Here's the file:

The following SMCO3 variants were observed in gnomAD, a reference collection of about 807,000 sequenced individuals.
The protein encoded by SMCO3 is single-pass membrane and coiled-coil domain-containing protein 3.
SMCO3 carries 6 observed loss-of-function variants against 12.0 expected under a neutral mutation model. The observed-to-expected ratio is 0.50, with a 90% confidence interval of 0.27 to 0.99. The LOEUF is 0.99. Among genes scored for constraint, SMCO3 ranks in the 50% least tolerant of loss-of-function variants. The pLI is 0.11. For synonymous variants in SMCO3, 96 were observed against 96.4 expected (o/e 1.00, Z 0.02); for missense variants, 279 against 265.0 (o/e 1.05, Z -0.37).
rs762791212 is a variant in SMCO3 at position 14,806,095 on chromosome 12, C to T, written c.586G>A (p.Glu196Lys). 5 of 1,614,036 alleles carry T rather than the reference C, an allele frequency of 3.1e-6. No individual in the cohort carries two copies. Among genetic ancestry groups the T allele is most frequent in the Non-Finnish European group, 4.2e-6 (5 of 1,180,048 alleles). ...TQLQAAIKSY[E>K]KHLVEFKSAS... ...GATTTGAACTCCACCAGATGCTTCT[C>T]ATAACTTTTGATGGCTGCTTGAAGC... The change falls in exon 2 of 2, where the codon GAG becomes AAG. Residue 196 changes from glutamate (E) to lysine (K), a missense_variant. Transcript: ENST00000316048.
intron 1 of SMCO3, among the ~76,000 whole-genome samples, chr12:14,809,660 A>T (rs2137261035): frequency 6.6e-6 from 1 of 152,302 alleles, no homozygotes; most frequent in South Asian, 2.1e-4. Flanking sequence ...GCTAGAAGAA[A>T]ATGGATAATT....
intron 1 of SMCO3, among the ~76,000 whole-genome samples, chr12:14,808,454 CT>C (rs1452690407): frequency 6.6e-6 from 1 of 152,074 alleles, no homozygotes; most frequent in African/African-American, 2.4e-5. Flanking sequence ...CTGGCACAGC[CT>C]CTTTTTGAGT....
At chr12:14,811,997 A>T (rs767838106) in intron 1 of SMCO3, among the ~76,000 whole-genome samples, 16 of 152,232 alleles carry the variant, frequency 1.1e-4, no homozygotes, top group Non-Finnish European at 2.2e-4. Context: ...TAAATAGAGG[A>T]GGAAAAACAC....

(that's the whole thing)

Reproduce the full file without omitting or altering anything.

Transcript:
The following SMCO3 variants were observed in gnomAD, a reference collection of about 807,000 sequenced individuals.
The protein encoded by SMCO3 is single-pass membrane and coiled-coil domain-containing protein 3.
SMCO3 carries 6 observed loss-of-function variants against 12.0 expected under a neutral mutation model. The observed-to-expected ratio is 0.50, with a 90% confidence interval of 0.27 to 0.99. The LOEUF is 0.99. Among genes scored for constraint, SMCO3 ranks in the 50% least tolerant of loss-of-function variants. The pLI is 0.11. For synonymous variants in SMCO3, 96 were observed against 96.4 expected (o/e 1.00, Z 0.02); for missense variants, 279 against 265.0 (o/e 1.05, Z -0.37).
rs762791212 is a variant in SMCO3 at position 14,806,095 on chromosome 12, C to T, written c.586G>A (p.Glu196Lys). 5 of 1,614,036 alleles carry T rather than the reference C, an allele frequency of 3.1e-6. No individual in the cohort carries two copies. Among genetic ancestry groups the T allele is most frequent in the Non-Finnish European group, 4.2e-6 (5 of 1,180,048 alleles). ...TQLQAAIKSY[E>K]KHLVEFKSAS... ...GATTTGAACTCCACCAGATGCTTCT[C>T]ATAACTTTTGATGGCTGCTTGAAGC... The change falls in exon 2 of 2, where the codon GAG becomes AAG. Residue 196 changes from glutamate (E) to lysine (K), a missense_variant. Transcript: ENST00000316048.
intron 1 of SMCO3, among the ~76,000 whole-genome samples, chr12:14,809,660 A>T (rs2137261035): frequency 6.6e-6 from 1 of 152,302 alleles, no homozygotes; most frequent in South Asian, 2.1e-4. Flanking sequence ...GCTAGAAGAA[A>T]ATGGATAATT....
intron 1 of SMCO3, among the ~76,000 whole-genome samples, chr12:14,808,454 CT>C (rs1452690407): frequency 6.6e-6 from 1 of 152,074 alleles, no homozygotes; most frequent in African/African-American, 2.4e-5. Flanking sequence ...CTGGCACAGC[CT>C]CTTTTTGAGT....
At chr12:14,811,997 A>T (rs767838106) in intron 1 of SMCO3, among the ~76,000 whole-genome samples, 16 of 152,232 alleles carry the variant, frequency 1.1e-4, no homozygotes, top group Non-Finnish European at 2.2e-4. Context: ...TAAATAGAGG[A>T]GGAAAAACAC....